S. Klepper, Economics 73-100, Fall 2009

# Solutions to Exam I

In the third round, there would have been four buyers with each of the following combinations of redemption values for their two units:

Pairs of Redemption Values for Buyers in Round 3

 Unit 1 Unit 2 \$3.60 \$2.10 3.50 2.30 3.40 2.50 3.30 2.70 3.10 2.90 2.90 3.10 2.70 3.30 2.50 3.40 2.30 3.50 2.10 3.60

In the third round, there would also be four sellers with each of the following combinations of costs:

Pairs of Costs for Sellers in Round 3

 Unit 1 Unit 2 \$1.40 \$3.70 1.50 3.50 1.60 3.30 1.70 3.10 1.90 2.90 2.10 2.70 2.30 2.50 2.50 2.40 2.70 2.30 2.90 2.20

In terms of the number of units demanded at each price by the class, this is just twice the number of units demanded in rounds 1 and 2 of the experiment.  Hence at a price of \$3.60, eights units are demanded, at a price of \$3.50 sixteen units are demanded, etc., all the way down to a price of \$2.10, at which 80 units are demanded.  This is represented in the schedule below, which summarizes the quantity demanded and supplied at each relevant price in round 3.

The situation on the supply side is a bit more complicated.  The lowest cost of any unit is \$1.40, and four units in total have a cost of \$1.40 in round 3.  The same is true for the costs \$1.50, \$1.60, \$1.70, \$1.90, and 2.10—there are four units at each cost in round 3.  Thus, the quantity supplied at a price of \$1.40 is four units, the quantity supplied at a price of \$1.50 is eight units, and so forth up to a price of \$2.10, at which the quantity supplied is 24 units.  This is represented in the schedule below. The next lowest cost is \$2.20 and there are four units at this cost in round 3, hence at a price of \$2.20 the quantity supplied is 28 units.  The next lowest cost is \$2.30 and there are eight units at this cost in round 3, hence at a price of \$2.30 the quantity supplied is 36 units.  The quantity supplied at the other relevant prices is summarized in the supply schedule below.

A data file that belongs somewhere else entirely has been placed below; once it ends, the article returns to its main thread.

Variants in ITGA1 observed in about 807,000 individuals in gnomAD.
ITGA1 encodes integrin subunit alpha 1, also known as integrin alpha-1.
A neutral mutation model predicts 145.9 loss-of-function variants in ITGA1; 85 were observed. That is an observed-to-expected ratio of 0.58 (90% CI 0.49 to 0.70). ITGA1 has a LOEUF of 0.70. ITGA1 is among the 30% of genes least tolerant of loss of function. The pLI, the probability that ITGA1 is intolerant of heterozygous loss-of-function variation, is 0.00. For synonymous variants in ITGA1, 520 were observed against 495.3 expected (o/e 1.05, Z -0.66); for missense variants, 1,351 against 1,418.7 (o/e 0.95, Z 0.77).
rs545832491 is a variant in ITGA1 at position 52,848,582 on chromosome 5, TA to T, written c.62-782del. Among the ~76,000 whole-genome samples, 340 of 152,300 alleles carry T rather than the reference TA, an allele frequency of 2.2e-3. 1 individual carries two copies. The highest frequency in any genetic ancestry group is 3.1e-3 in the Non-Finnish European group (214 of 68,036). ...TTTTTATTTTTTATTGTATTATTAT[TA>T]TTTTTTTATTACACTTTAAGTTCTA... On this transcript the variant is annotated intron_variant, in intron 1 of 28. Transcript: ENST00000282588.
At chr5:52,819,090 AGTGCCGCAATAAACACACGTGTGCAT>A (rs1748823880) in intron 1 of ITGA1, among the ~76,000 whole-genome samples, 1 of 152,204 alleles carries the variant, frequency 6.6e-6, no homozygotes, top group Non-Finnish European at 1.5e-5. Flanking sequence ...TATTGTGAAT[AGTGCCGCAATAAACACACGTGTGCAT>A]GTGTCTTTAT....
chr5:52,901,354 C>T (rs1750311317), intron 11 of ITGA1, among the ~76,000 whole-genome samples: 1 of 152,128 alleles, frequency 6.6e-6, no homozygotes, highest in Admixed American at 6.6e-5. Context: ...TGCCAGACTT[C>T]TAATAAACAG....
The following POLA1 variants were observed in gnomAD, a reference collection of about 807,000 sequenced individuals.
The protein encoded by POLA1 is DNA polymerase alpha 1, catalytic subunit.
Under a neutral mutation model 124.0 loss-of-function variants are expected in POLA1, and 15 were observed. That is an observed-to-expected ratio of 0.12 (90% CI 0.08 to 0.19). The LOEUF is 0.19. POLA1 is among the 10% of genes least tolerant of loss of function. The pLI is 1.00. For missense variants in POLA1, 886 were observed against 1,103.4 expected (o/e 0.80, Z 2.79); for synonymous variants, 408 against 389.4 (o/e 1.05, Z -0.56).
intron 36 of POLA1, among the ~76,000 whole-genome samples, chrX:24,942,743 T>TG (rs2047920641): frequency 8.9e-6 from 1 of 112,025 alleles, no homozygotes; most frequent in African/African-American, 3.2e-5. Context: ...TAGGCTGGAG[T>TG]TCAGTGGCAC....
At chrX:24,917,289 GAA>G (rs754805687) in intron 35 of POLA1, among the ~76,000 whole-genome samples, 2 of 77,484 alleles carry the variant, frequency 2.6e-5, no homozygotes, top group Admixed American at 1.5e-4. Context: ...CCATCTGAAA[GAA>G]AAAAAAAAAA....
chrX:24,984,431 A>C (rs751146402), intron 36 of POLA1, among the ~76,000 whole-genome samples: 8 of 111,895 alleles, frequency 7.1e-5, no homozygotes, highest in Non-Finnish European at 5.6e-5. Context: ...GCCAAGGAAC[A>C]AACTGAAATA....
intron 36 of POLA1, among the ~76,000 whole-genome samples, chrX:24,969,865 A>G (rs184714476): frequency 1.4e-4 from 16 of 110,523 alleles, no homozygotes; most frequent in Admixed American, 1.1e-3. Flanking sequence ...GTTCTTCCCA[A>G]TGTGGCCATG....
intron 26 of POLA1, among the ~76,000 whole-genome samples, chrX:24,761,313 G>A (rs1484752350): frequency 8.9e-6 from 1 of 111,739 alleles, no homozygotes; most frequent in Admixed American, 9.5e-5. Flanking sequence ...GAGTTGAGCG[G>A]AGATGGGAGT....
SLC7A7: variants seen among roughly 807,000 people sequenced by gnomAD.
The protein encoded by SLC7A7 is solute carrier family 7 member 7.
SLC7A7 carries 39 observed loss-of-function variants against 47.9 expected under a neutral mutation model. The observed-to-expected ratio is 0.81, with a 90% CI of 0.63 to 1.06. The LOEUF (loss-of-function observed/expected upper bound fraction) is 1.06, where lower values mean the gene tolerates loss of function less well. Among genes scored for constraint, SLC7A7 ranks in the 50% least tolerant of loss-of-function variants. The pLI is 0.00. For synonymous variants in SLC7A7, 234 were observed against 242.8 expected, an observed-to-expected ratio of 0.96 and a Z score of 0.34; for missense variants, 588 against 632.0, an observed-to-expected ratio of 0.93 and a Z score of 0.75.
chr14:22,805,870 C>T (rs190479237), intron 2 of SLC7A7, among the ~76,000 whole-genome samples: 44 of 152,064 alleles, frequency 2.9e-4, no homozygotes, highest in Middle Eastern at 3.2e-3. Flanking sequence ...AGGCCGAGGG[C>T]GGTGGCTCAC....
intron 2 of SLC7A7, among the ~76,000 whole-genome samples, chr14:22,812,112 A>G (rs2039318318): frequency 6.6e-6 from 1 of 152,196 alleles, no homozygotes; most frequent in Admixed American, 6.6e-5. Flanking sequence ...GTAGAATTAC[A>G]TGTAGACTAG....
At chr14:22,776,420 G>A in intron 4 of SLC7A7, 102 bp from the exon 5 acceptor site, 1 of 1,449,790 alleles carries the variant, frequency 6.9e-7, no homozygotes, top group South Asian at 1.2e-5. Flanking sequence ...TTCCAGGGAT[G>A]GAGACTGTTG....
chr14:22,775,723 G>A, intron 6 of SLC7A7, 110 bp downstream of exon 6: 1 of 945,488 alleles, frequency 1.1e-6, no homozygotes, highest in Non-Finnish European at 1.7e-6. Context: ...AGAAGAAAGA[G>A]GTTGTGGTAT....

Demand and Supply Schedules for Round 3

 Price Quantity Demanded Quantity Supplied \$3.70 0 80 3.60 8 76 3.50 16 76 3.40 24 72 3.30 32 72 3.10 40 68 2.90 48 64 2.70 56 56 2.50 64 48 2.40 64 40 2.30 72 36 2.20 72 28 2.10 80 24 1.90 80 20 1.70 80 16 1.60 80 12 1.50 80 8 1.40 80 4

In rounds one and two no buyer would purchase a unit at a price above \$3.60. The demand schedule for round 3 indicates the same is true for round 3, reflecting that \$3.60 is still the highest redemption value for any unit.  In rounds one and two every seller would sell a unit at a price of \$2.90 or higher.  The supply schedule for round 3 indicates that the same is not true for round 3, reflecting that the cost of some units in round 3 exceeds \$2.90 and so a higher price is required for every seller to supply its two units.  The schedules indicate that in round 3 the quantity supplied equals the quantity demanded at a price of \$2.70, which is the equilibrium price in round 3.  This compares with an equilibrium price of \$2.50 in rounds 1 and 2.  The quantity transacted is 56 units versus an equilibrium quantity of 32 units in rounds 1 and 2.  Thus, the number of units transacted in round 3 is not twice as great as in rounds 1 and 2.

Every seller in round 3 has a cost for at least one of its units that is less than or equal to \$2.70 and hence every seller would sell at least one unit in round 3.   A seller would sell two units in round 3 only if the cost of both of its units was less than or equal to \$2.70, which holds for four out of every ten sellers (see the pairs of costs for sellers above), or forty percent of the sellers.  A buyer would buy two units in round 3 only if the redemption value for both of its units is \$2.70 or greater, which holds for four out of ten buyers (see the pairs of redemption values for buyers above) or forty percent of the buyers.